Of late, one of my Windows 10 computers has been running sluggishly, hangs frequently or shuts down abruptly. The malware scans turned out to be normal and there are no processes consuming huge CPU time or memory. The disk usage remained at 100% though, regardless of the app I open.
The System event log showed multiple disk error entries. Here is one such event:
Log Name: System Source: disk Date: 15-08-2019 17:37:49 Event ID: 7 Task Category: None Level: Error Keywords: Classic User: N/A Computer: DESKTOP-3V7LVDA Description: The device, \Device\Harddisk0\DR0, has a bad block.
After restarting Windows, the following event log entry gets added.
Log Name: System Source: Microsoft-Windows-Kernel-Power Date: 15-08-2019 19:28:09 Event ID: 41 Task Category: (63) Level: Critical Keywords: (70368744177664),(2) User: SYSTEM Computer: DESKTOP-3V7LVDA Description: The system has rebooted without cleanly shutting down first. This error could be caused if the system stopped responding, crashed, or lost power unexpectedly.
The same error occurred for my secondary hard drive (
Disk 1), and the error message read The device, \Device\Harddisk1\DR1, has a bad block.
If you have multiple hard drives and want to know which hard drive has a bad block, note down the Disk # indicated in the event log. Open Disk Management to see the list of drives and the corresponding drive #.
A bad block is an area of the hard drive that is no longer reliable for storing and retrieving data. Bad block may indicate corruption or physical damage.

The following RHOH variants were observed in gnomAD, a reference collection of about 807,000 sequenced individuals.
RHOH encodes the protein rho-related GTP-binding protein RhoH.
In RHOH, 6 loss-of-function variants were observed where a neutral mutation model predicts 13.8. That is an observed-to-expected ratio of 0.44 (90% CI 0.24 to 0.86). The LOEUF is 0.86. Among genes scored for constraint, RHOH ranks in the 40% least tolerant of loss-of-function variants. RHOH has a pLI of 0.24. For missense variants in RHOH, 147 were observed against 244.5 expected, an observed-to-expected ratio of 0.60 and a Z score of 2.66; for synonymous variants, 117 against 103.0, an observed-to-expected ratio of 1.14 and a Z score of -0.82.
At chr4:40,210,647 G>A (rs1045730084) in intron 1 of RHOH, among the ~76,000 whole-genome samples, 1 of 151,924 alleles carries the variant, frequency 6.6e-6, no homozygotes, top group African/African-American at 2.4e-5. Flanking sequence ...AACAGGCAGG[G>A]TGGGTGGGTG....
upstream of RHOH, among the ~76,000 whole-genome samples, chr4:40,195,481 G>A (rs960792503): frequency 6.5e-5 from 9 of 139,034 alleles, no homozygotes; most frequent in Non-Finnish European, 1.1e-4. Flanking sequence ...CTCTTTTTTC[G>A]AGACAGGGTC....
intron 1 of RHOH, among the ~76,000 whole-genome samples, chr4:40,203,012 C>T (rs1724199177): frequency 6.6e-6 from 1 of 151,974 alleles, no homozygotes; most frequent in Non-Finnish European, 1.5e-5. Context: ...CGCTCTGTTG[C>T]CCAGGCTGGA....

There are two types of bad blocks: A physical bad block comes from damage to the storage medium. A soft, or logical, bad block occurs when the operating system (OS) is unable to read data from a sector. Examples of a soft bad block include when the cyclic redundancy check (CRC), or error correction code (ECC), for a particular storage block does not match the data read by the disk. (TechTarget.com)
And, I couldn’t clone the drive using Macrium Reflect or EaseUS ToDo Backup. Macrium Reflect threw the error “clone failed” code 9, and EaseUS software stalled at 51% while cloning the disk.
In this article, I’ll tell you how I resolved the hard drive “bad block” error.
Fix: Device Harddisk DR0 has a “bad block” Error in Event Viewer
The first thing I did was run Error Checking (which is not comprehensive as Chkdsk) on the drive. It showed no errors.
The next ideal thing any on would do is to run Chkdsk on each partition (
chkdsk /r c:), and press
Y when you see this message:
Chkdsk cannot run because the volume is in use by another process. Would you like to schedule this volume to be checked the next time the system restarts? (Y/N)
However, I didn’t run Chkdsk. Instead, I ran CrystalDiskInfo utility.
In CrystalDiskInfo, the drive’s health status was showing up as Caution, with the following entries marked in yellow:
- C5 Current Pending Sector Count
- C6 Uncorrectable Sector Count
At this stage, any tech support professional would advise you to backup your data and change the hard drive at the earliest, as the hard disk failure could be imminent. I backed up my stuff to an external drive and then ran Seagate diagnostic software (“SeaTools”) as my drive was from Seagate.